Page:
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Session 9: Dialogue ((Re)Conceiving Media)

[important]Monday, April 22, 2013
5:00 p.m.
Room 201 O’Shaughnessy Hall
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SPEAKERS:

Andre Murnieks

(Department of Art, Art History, & Design, University of Notre Dame)

The Future Is Medialess™

Print is not dead; but it is dying very, very slowly. In its current incarnation, the book is a difficult medium to improve upon. It is entrenched in culture and serves us well. It is bound (ouch!) to long standing systems, processes and technologies. Publishers and libraries are part of the system structure. Printing and binding are processes. And the technologies include the press, paper and ink. Yet, there is a viable alternative that supplants every single one of these systems, processes and technologies. The iPad is that threat. The controversy is whether a screen-based device can replace a book. It can—but that is not important. The problem is that we have to choose a medium in the first place. What if the content was divorced from the medium? What if the message was the media of one’s choosing? There are two parts of this puzzle to solve: 1. the content must be aware of its own structure, 2. the content must reside in a place accessible to all people and media devices. Web technologies are already answering the first call with tagged content that is responsive to the type of media it is being displayed upon. The same website may be displayed in a browser, tablet, mobile phone or smart TV—and it looks good. To the second point, the living space of all things digital is the Cloud. The concept of the cloud is a nebulous space filled with all kinds of data and that has no location. Yet it is everywhere you go. Now imagine the possibilities: perhaps one publisher can deliver a digital version of a literary masterpiece instantly to a futuristic device to go along with ten other textbooks a young college student must tote; but perhaps another publisher can take that same content and create a print-on-demand replica complete with leather binding and gold-leaf type. In the space between there could thrive a DIY subculture ever exploring the notion of the book.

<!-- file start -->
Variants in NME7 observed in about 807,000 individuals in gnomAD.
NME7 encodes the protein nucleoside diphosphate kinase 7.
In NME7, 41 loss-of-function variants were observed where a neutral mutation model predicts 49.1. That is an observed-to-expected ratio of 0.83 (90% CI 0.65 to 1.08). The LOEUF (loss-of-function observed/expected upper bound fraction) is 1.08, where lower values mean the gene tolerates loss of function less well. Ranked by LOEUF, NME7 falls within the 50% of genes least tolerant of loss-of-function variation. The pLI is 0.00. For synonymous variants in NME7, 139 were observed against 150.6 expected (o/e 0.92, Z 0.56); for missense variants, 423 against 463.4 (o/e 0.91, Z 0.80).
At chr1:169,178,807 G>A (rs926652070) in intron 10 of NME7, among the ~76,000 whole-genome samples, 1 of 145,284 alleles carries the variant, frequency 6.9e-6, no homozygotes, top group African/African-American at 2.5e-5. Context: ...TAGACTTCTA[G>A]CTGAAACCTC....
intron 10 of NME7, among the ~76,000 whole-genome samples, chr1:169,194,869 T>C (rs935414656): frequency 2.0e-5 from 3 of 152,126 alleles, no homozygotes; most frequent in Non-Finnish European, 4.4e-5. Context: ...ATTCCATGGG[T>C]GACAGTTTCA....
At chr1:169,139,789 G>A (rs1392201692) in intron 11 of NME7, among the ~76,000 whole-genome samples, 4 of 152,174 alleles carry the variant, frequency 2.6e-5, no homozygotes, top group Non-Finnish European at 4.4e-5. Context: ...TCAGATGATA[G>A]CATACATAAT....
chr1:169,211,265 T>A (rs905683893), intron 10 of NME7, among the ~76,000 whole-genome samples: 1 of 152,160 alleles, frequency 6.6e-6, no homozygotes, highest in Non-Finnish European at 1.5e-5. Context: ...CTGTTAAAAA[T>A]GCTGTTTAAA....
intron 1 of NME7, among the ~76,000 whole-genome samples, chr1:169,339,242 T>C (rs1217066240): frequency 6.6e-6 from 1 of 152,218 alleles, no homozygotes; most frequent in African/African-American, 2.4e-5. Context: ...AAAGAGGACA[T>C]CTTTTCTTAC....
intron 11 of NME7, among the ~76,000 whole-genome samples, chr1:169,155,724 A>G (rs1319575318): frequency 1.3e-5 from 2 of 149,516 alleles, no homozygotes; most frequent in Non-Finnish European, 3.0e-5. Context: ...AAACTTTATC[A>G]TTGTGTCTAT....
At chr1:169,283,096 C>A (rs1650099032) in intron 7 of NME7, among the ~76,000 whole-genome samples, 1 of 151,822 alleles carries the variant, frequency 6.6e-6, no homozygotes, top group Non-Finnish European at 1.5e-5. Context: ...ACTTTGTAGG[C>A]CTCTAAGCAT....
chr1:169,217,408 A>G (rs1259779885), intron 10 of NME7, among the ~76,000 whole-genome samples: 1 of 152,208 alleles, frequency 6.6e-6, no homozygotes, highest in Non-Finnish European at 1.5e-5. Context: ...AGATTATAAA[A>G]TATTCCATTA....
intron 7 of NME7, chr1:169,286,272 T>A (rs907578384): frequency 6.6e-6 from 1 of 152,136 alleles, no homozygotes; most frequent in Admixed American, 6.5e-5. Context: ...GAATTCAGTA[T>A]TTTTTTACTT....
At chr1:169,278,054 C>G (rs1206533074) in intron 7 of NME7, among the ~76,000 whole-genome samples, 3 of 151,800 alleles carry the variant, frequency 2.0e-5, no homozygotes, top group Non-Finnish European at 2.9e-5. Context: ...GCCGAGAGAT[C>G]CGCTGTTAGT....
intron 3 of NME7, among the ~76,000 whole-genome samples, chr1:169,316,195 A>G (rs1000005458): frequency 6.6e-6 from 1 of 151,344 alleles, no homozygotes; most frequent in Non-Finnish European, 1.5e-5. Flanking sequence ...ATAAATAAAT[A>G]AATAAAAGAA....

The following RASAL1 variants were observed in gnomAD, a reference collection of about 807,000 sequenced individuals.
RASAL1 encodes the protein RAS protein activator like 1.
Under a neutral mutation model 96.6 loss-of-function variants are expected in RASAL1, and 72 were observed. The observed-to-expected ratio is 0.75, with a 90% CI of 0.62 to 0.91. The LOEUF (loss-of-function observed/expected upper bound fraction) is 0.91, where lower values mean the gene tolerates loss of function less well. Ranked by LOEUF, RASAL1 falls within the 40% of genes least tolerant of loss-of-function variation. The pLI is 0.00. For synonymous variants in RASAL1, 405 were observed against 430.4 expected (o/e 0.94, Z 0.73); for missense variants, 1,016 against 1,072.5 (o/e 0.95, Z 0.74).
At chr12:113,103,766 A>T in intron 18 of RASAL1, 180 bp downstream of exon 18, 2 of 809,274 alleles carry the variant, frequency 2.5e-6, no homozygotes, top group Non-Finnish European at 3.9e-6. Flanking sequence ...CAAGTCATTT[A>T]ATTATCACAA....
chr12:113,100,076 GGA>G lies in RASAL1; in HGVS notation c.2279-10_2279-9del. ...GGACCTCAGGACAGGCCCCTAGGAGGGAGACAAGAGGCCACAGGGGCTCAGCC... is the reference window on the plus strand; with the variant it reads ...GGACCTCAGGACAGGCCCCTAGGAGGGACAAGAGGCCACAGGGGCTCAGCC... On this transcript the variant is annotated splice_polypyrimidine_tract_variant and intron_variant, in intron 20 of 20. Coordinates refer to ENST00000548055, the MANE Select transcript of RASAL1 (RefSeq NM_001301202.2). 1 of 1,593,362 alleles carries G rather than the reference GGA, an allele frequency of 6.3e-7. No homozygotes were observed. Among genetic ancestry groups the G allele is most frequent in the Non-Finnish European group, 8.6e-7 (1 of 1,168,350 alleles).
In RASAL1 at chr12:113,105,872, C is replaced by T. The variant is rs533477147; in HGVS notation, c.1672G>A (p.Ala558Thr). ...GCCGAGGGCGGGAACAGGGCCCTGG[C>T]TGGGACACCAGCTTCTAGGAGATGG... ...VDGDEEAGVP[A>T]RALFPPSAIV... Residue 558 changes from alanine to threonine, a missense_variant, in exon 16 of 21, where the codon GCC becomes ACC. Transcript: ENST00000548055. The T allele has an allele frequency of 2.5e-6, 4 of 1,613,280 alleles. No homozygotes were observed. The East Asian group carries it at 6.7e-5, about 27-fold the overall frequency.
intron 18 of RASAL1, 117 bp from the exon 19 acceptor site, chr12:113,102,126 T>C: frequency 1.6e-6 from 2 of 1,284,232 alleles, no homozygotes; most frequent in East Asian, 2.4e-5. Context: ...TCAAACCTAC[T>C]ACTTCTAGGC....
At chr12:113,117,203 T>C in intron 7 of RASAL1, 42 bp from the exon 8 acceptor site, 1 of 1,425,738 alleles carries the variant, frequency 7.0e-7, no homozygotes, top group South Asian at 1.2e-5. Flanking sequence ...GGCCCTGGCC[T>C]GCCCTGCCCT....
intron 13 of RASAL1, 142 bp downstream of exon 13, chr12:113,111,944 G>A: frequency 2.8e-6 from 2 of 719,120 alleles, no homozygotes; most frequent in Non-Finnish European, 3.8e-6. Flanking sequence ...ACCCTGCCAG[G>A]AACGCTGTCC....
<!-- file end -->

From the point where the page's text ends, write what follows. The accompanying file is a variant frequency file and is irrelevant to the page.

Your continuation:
As part of Prof. Murnieks’s talk, we will also get a chance to see three design project demonstrations:

A Purrrfect Match, an interactive story about finding true love in today’s society –
Anna Young, BFA Design Candidate

Amber, an interactive, handheld device for collecting life’s experiences –
Alisa Rantanen, BFA Design Candidate

Spectre: A Ghostly Tale of Whisps & Whimsy, a dark, hypermedia fairytale for children –
Sarah Martin, Design Graduate Student

 


Megan Hall

(Department of English, University of Notre Dame)

Everything Old Is New Again

Web Publishing as Reinvention of Medieval Manuscript Culture

Many at the forefront of the digital humanities pride themselves on their swift rush away from a hard-copy, past a creaking, fixed inflexibility that must be escaped. Medievalists have long known this thinking to be flawed, though, or at least shortsighted, for much of what are considered new ways of reading and producing books are in fact simply repackagings of tried-and-true methods of manuscript culture. Consider the wax tablet and the iPad, the reading coterie of Langland and bloggers, or the equal difficulty of accessing out-of-print hard-copy editions and CD-ROM editions built on obsolescent platforms: while the New (Digital) Media may offer a flexibility and interconnectedness of resources that the Old (Print) Media cannot, the New can never truly outpace the Old, and we would do well to remember it.

Permanent link to this article: http://sites.nd.edu/newmedia/session-9/